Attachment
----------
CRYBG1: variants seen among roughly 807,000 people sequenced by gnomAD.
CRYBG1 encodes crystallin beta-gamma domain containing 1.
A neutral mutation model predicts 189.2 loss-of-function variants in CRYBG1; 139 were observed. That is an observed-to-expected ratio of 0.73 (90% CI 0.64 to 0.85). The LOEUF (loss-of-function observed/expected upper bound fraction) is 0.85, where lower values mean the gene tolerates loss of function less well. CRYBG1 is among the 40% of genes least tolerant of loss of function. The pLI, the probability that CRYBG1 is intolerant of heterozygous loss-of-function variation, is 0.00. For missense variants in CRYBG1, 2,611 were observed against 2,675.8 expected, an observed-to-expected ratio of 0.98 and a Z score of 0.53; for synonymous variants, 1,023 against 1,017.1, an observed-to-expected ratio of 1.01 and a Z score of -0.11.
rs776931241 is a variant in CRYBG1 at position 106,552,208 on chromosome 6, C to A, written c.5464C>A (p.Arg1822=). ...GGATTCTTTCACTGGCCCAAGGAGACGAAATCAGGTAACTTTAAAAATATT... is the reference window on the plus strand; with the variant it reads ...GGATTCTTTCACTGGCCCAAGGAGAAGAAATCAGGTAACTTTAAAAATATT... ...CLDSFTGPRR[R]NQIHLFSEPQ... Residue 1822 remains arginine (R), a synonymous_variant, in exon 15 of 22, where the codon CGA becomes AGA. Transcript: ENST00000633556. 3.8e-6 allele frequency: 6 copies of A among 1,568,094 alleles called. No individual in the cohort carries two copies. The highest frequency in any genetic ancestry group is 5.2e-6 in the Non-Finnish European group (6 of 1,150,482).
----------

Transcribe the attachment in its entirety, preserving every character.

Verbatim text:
CRYBG1: variants seen among roughly 807,000 people sequenced by gnomAD.
CRYBG1 encodes crystallin beta-gamma domain containing 1.
A neutral mutation model predicts 189.2 loss-of-function variants in CRYBG1; 139 were observed. That is an observed-to-expected ratio of 0.73 (90% CI 0.64 to 0.85). The LOEUF (loss-of-function observed/expected upper bound fraction) is 0.85, where lower values mean the gene tolerates loss of function less well. CRYBG1 is among the 40% of genes least tolerant of loss of function. The pLI, the probability that CRYBG1 is intolerant of heterozygous loss-of-function variation, is 0.00. For missense variants in CRYBG1, 2,611 were observed against 2,675.8 expected, an observed-to-expected ratio of 0.98 and a Z score of 0.53; for synonymous variants, 1,023 against 1,017.1, an observed-to-expected ratio of 1.01 and a Z score of -0.11.
rs776931241 is a variant in CRYBG1 at position 106,552,208 on chromosome 6, C to A, written c.5464C>A (p.Arg1822=). ...GGATTCTTTCACTGGCCCAAGGAGACGAAATCAGGTAACTTTAAAAATATT... is the reference window on the plus strand; with the variant it reads ...GGATTCTTTCACTGGCCCAAGGAGAAGAAATCAGGTAACTTTAAAAATATT... ...CLDSFTGPRR[R]NQIHLFSEPQ... Residue 1822 remains arginine (R), a synonymous_variant, in exon 15 of 22, where the codon CGA becomes AGA. Transcript: ENST00000633556. 3.8e-6 allele frequency: 6 copies of A among 1,568,094 alleles called. No individual in the cohort carries two copies. The highest frequency in any genetic ancestry group is 5.2e-6 in the Non-Finnish European group (6 of 1,150,482).